Tuesday, March 16, 2010

The Ten Plagues of Egypt:
Objections and Questions About God, Part Two

Another objection that might be raised against the biblical account of the Ten Plagues is the apparent infliction of suffering by God. The same objection is raised with respect to other events depicted in the Bible, for example, the Flood or warfare against the various enemies of Israel.

Setting aside for now the question of whether the Plagues constitute a "judgment" or "punishment" upon Egypt, or are merely an occasion for God to demonstrate His supremacy over the false gods of Egypt --

Should we be bothered or scandalized by God inflicting hardship and suffering on the people? Is God being unfair or unjust with respect to everyday Egyptians, who were innocent and had nothing to do with enslaving the Israelites or with Pharaoh's refusal to let them go? Or is whatever God does "just," no matter how unjust in human terms, because God is by definition all-good and just? Should God’s actions in Egypt lead us to alter our conception of what “God is Love” means?

Similarly, when God acts, it is the entirety of the Trinity who acts, such that Jesus Himself was involved in the infliction of the Plagues. But how can we reconcile that with our understanding of Jesus as the epitome of love?

Taking a closer look, can we really say that God is being unfair or unjust with respect to everyday Egyptians when they essentially acquiesced and joined in Pharaoh’s obstinate sin by not overthrowing him? Did they not also share in the fruits of the slave labor of the Israelites? By their eating that poisoned fruit and their failure to do the right thing and free the Israelites, do they not share in Pharaoh’s guilt?

Even if they were “innocent” bystanders, setting aside the final Plague, were the other Plagues so harsh and so excessive so as to be an injustice by God? Or is the fact that they were consistent with other naturally-occurring disasters mean that, although imposed by God, they were in line with what might be deemed to be reasonable punishment or chastisement?

And do not the repeated warnings that God gave before the coming of a given Plague eliminate any reasonable claim of injustice by God?

Besides, God showed that He was willing to save those who are not His people, including those who were officials of Pharaoh, if they began to believe in Him, as in the case of the Plague of hail. (Exodus 9:19-20) Moreover, when, at Pharaoh's request, Moses prays to God to lift a given plague, God does so.

While pondering the accusation of unjust infliction of suffering by God, which admittedly might be supported by a superficial reading of the text, let us ask this as well:

Why did God not simply destroy Egypt? Why did He not simply wipe everyone out at the very beginning, so that the Israelites could leisurely walk out of Egypt?

Compare God’s approach concerning Pharaoh and Egypt with His approach concerning the Amalekites, the arch-enemies of Israel, who sought to prevent the Israelites from entering the Promised Land, thus incurring “God’s wrath” and His command to exterminate them. Is it because Amalek is an outright barrier to the salvation of God’s people, while Pharaoh is merely an oppressor and obstinate sinner?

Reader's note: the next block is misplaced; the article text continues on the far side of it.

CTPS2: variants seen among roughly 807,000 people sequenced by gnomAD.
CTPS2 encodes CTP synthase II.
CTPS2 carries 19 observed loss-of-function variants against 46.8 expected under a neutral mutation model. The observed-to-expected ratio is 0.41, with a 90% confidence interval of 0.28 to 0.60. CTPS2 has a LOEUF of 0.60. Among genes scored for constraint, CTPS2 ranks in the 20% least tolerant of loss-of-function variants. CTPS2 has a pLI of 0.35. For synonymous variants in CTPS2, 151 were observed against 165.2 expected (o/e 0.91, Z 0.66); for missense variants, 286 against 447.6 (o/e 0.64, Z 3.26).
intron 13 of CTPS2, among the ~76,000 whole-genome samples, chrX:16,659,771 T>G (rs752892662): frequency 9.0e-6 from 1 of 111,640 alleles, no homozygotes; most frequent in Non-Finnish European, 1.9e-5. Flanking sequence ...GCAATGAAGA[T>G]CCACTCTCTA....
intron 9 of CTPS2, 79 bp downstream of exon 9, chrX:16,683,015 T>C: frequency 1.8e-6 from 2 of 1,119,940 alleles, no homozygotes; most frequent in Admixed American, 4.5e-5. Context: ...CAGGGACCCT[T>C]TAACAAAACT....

Take note that Egypt was a provider of refuge for Abraham and Joseph, Mary, and Jesus. Consequently, would not God be favorably disposed toward Egypt? Is the lesson to be learned that God does not merely want to destroy the oppressor, but to convert him, giving him many opportunities to do so?

Moses and Aaron and the Israelites are the People of God. But we would do well to remember that Pharaoh and the Egyptians -- indeed, all the oppressors of the world -- are God's children too. As His children, He loves them too. Just as He gives us many, many opportunities to repent, so to did He give Pharaoh many chances to do the right thing. God did not strike him down immediately, He did not destroy Egypt with one blow the first time, but only upon the tenth time.

Taking all of the above into consideration, rather than concluding that God unjustly inflicted disproportionate suffering on innocent people, is not the better reading of the text that God instead dealt with Pharaoh patiently and treated Egypt mercifully?

Jesus said to pray for those who persecute you. Do we not see this with Moses praying on behalf of Pharoah to lift the plagues?

Jesus said to love your enemies. Taking a deeper look at the scriptural passages on the Ten Plagues -- which show God being patient, giving opportunities to convert, and mostly inflicting hardships that are consistent with nature -- do not these passages demonstrate that God did exactly that, love the Egyptians, the enemy of the Israelites?

If we satisfy ourselves with a superficial reading of scripture, merely taking the text at face-value, we run the risk of making a grievously wrong interpretation. But if we poke and prod and ask questions, seeking a deeper understanding, an understanding consistent with the Love and Truth of God, then we will discover the true and proper meaning.

Next: Was God dishonest? Did He have Moses lie to Pharaoh?

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